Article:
The suspect in the deadly ambush at a state police barracks in a remote part of northeastern Pennsylvania remained at large for a ninth day Sunday as police appeared to have narrowed their search, largely shutting down the area where he lived with his parents but leaving neighbors with few answers about what's going on just outside their front doors.
With a helicopter flying overhead, law enforcement officers wearing bulletproof vests and armed with rifles continued their hunt for Eric Frein, 31, now on the FBI's Most Wanted list.
"Our troopers are determined to find him and bring him to justice," state police spokeswoman Maria Finn said. Police released few details about their search of the heavily wooded community in the Pocono Mountains, saying only that they were exercising extreme caution.
Late Saturday night, authorities lifted a shelter in place order but urged residents who didn't make it home Friday before the barricades went up to use caution returning home and to stay out of the dense, boggy woodlands where the search was underway.
Authorities say Frein used a high-powered rifle to open fire from the woods near a state police barracks on Sept. 12, killing Cpl. Bryon Dickson — a married Marine with two sons — and wounding Trooper Alex Douglass.
Frein — described by authorities as a self-taught survivalist with a grudge against police — has been on the run ever since, authorities said. But some who know him said he has not always played the loner, and the reason for his hatred of police remained a mystery.
Frein belonged to the rifle team at Pocono Mountain High School, and as an adult joined a group that performed military re-enactments of Eastern European conflicts in the modern era.
He even played a small role in a 2007 movie about a concentration camp survivor — earning him a mention in the movie database IMDb — and helped with props and historical references on a documentary about World War I.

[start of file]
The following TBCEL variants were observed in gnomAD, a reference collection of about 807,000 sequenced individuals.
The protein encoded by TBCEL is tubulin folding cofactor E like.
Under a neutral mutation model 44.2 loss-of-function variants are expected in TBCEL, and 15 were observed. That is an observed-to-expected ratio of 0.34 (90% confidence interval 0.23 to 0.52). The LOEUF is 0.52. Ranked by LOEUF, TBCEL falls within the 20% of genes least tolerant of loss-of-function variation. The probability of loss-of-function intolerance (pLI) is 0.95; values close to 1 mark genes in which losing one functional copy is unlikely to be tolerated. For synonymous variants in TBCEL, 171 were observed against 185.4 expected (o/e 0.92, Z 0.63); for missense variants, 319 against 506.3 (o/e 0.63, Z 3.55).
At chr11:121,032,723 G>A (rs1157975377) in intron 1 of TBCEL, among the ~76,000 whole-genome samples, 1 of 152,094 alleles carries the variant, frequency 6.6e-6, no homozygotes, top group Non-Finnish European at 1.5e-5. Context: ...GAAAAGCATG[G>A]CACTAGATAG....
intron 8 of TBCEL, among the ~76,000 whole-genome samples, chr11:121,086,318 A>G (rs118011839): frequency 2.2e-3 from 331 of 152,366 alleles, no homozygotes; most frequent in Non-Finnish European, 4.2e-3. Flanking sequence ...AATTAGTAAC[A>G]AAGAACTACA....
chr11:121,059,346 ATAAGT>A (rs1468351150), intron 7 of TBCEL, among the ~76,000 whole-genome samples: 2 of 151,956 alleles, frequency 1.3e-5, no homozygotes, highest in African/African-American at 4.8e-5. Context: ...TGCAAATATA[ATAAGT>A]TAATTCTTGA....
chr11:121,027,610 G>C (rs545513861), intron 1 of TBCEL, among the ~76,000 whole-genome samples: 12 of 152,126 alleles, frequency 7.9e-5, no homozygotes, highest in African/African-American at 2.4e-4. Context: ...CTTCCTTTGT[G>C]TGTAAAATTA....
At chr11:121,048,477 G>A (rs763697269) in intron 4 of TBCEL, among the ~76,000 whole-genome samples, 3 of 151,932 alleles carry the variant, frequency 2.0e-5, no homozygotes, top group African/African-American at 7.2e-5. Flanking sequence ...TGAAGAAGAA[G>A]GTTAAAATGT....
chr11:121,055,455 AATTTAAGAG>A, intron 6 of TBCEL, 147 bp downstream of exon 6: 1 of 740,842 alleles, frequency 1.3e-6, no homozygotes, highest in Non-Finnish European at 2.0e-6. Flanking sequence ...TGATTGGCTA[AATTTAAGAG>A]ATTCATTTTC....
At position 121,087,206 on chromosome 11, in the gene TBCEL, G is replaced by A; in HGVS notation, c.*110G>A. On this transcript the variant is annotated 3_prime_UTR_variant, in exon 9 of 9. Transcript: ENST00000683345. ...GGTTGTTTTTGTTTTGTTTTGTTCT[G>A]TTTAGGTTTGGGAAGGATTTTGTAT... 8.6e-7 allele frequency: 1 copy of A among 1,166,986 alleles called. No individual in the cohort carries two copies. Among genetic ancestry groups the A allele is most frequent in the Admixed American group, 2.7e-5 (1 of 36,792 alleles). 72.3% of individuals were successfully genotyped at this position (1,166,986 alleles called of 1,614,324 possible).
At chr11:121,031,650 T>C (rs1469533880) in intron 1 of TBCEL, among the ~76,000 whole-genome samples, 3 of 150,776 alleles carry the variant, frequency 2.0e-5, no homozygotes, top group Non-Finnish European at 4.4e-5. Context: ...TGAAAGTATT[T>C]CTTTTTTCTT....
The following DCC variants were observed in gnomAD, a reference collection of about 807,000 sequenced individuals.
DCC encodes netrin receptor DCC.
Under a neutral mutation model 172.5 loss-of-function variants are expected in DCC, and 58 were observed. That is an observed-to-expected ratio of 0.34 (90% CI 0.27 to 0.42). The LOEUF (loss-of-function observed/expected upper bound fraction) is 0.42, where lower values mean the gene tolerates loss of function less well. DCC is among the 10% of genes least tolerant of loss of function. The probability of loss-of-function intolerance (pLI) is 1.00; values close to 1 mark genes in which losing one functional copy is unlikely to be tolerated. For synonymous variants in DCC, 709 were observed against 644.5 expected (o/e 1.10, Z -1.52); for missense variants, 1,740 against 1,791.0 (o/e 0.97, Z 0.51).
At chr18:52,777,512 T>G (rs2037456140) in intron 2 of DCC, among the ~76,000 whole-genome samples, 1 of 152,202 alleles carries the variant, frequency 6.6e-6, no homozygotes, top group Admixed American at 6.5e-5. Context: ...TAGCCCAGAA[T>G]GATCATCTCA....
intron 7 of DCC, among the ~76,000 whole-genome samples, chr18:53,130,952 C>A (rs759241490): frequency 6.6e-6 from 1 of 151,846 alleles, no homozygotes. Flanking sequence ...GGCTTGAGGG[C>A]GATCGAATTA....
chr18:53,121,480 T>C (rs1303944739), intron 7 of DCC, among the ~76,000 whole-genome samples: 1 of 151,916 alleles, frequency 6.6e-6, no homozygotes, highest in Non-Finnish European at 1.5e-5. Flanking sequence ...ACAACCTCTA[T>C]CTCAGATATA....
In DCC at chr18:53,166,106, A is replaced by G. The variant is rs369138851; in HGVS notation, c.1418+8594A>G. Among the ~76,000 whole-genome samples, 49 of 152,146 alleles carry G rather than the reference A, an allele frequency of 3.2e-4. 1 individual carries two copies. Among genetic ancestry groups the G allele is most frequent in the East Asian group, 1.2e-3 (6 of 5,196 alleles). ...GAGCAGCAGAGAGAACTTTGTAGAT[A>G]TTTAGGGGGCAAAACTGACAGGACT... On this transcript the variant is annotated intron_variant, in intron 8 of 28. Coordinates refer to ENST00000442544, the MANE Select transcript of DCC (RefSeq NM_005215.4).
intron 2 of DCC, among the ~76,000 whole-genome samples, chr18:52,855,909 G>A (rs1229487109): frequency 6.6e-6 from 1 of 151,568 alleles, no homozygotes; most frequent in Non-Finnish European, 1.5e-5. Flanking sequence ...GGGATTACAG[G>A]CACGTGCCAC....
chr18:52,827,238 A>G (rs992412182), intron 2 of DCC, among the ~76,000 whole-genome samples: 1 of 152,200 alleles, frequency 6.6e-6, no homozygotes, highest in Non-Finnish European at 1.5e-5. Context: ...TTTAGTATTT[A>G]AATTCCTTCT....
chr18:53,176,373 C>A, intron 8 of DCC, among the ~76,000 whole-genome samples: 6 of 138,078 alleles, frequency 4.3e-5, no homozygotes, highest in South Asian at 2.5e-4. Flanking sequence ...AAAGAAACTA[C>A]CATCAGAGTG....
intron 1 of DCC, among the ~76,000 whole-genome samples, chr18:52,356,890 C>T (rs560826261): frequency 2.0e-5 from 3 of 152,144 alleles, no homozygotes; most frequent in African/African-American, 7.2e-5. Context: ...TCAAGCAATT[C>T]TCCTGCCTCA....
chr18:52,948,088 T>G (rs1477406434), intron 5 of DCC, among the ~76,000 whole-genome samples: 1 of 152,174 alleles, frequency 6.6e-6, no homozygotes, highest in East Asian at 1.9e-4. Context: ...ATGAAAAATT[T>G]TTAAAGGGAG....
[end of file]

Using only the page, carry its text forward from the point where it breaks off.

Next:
"He was a very friendly guy to me," said Jeremy Hornbaker, who hired him for the documentary. "We left on very good terms."
Frein's father, retired Army Maj. E. Michael Frein, told police that he had taught his son to shoot. He "doesn't miss," the father told state police during a search of the family home, when he also disclosed that an AK-47 and a .308 rifle with a scope were missing. A copy of the book, "Sniper Training and Employment," was found in his bedroom.
Frein had for a time attended nearby East Stroudsburg University and held a number of jobs over the years but never any for very long, authorities said. A week after the killing, they had not said anything about what may have led to his hatred of police.
Frein's only known legal problems stemmed from the 2004 theft of some vendor items at a World War II re-enactment in Odessa, New York. He failed to show for his trial, and was arrested in Pennsylvania as a fugitive from justice.
On Frein's MySpace page, a photo appears to show him standing in front of the Serbian Orthodox Church in Belgrade. Frein played the part of a Serbian soldier in his re-enactments and the FBI said he had claimed to have studied Russian and Serbian and to have "fought with Serbians in Africa."
The FBI's Most Wanted poster describes him as 6-foot-1, 165 pounds. State police said he apparently cut his hair into a wide Mohawk in preparation for the attack. He was also described as a heavy smoker.
Police did not say how big of an area they are combing or whether they believed they had Frein. A police dispatcher said there was a report of gunfire Friday night but investigators released no information.